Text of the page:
“Ten-Dollar Hug,” Friend, Mar. 2006, 46–47
“Erin, would you mind tucking the blanket down around my socks? My toes are cold.”
Erin tucked the colorful afghan around Grandma’s feet. Just then, Dylan and Jason came racing through the living room and almost knocked over a lamp. Mom went after them, calling, “No running in the house! You two head outside if you want to play tag.”
Grandma chuckled and winked at Erin. “Your brothers are getting restless, aren’t they? I guess my house is a little boring.”
Erin sat on the edge of the couch next to Grandma. “We love visiting you, even if you don’t have toys. The boys like finding pill bugs in the garden, and I love reading your old books.”
“But you can only do those things for so long. Hmmm. I have an idea.” Grandma called Mom from the kitchen. “Lucy, will you go into my bedroom and get my purse?”
Mom came back with Grandma’s purse and asked, “Do you need us to go to the store for you?”
“Actually, Lucy, I need you to get three ten-dollar bills from my purse and take the kids shopping. Let them each pick out something fun. How does that sound, Erin?”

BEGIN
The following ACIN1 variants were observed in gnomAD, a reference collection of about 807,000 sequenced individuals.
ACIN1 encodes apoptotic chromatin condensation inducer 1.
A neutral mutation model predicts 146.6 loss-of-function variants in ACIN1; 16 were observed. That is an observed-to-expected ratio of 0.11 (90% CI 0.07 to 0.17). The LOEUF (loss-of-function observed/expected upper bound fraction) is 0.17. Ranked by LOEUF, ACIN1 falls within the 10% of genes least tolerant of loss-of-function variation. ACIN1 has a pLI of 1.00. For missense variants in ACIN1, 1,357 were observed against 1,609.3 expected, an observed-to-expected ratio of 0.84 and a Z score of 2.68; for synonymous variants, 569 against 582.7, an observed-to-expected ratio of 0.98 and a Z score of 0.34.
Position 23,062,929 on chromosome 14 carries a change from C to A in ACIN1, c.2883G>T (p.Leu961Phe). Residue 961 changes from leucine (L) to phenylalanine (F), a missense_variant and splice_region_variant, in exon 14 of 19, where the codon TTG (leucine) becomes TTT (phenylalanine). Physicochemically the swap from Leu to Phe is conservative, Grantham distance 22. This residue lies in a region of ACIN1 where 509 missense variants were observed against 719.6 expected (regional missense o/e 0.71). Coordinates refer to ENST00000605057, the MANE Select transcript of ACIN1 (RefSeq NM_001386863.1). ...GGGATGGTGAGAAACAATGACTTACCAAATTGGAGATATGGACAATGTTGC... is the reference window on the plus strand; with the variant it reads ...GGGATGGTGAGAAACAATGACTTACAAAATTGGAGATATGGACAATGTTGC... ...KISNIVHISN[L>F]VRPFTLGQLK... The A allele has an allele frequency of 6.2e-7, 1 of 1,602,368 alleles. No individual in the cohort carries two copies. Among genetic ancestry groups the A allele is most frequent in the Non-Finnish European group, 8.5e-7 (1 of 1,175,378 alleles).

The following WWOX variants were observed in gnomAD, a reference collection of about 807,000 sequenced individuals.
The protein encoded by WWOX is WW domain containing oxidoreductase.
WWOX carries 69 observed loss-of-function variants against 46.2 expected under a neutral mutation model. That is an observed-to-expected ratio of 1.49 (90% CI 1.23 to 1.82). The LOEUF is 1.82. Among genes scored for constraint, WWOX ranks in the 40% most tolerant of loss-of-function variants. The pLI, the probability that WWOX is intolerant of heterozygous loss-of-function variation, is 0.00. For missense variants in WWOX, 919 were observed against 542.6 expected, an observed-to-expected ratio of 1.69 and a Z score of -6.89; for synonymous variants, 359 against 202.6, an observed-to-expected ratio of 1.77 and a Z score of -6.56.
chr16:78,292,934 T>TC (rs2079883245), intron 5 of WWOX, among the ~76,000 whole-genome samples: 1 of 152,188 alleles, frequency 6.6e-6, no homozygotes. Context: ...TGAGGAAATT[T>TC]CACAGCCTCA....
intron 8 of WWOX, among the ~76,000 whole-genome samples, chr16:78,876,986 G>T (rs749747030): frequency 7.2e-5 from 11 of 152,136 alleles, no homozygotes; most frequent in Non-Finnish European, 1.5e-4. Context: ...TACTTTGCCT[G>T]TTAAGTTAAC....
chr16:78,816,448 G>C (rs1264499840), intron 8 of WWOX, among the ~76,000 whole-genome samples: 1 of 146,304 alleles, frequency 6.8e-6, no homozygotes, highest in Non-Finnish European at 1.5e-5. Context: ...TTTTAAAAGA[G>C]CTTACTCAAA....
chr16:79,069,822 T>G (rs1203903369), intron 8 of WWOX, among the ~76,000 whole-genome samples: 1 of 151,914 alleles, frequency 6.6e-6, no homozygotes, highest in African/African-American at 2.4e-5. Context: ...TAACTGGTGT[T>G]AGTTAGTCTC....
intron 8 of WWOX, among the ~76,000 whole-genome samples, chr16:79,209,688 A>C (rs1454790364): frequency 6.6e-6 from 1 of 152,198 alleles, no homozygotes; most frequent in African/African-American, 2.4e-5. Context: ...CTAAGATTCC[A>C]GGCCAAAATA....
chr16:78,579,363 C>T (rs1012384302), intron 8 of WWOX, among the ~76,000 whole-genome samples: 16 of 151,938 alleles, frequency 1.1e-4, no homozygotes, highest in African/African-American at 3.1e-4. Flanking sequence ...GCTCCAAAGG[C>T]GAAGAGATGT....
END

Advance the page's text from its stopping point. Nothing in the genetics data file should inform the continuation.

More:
Erin grinned. “Sounds great,” she said.
“That’s awfully generous of you, Mother,” Mom said, patting Grandma’s hand.
At the store, Dylan and Jason pulled Mom toward the toy aisle.
“I want a dinosaur,” Jason said.
“I want a robot,” Dylan said.
Erin wasn’t sure what she wanted. Maybe a new book?
Dylan and Jason hugged their toys and marched toward the checkout stands.
“Erin,” Mom said, “you’d better choose something. The boys are ready to go.”
Erin looked around. She thought about getting a box of stationery and writing letters to all of her friends back home. But then she saw another stack of boxes, and she knew exactly what she wanted to buy with her ten dollars.
Back at Grandma’s, Erin carried the bag into the house.
“Let’s see what you all got,” Grandma said.
Jason showed Grandma his stegosaurus. Dylan held up a robot that could turn into a car.
“And what did you get, Erin?” Grandma asked.
Erin reached into the bag and pulled out a box. She removed the lid and held up a pair of cozy slippers. “I got these for you,” Erin said. “To keep your toes warm.”
As soon as Grandma’s arms wrapped around her, Erin felt warm inside and out. She knew she had made a good choice. Grandma’s hugs and happy tears were worth every penny.
“We encourage families to give their elderly parents and grandparents the love, care, and attention they deserve.”
President Ezra Taft Benson (1899–1994), “To the Elderly in the Church,” Ensign, Nov. 1989, 6.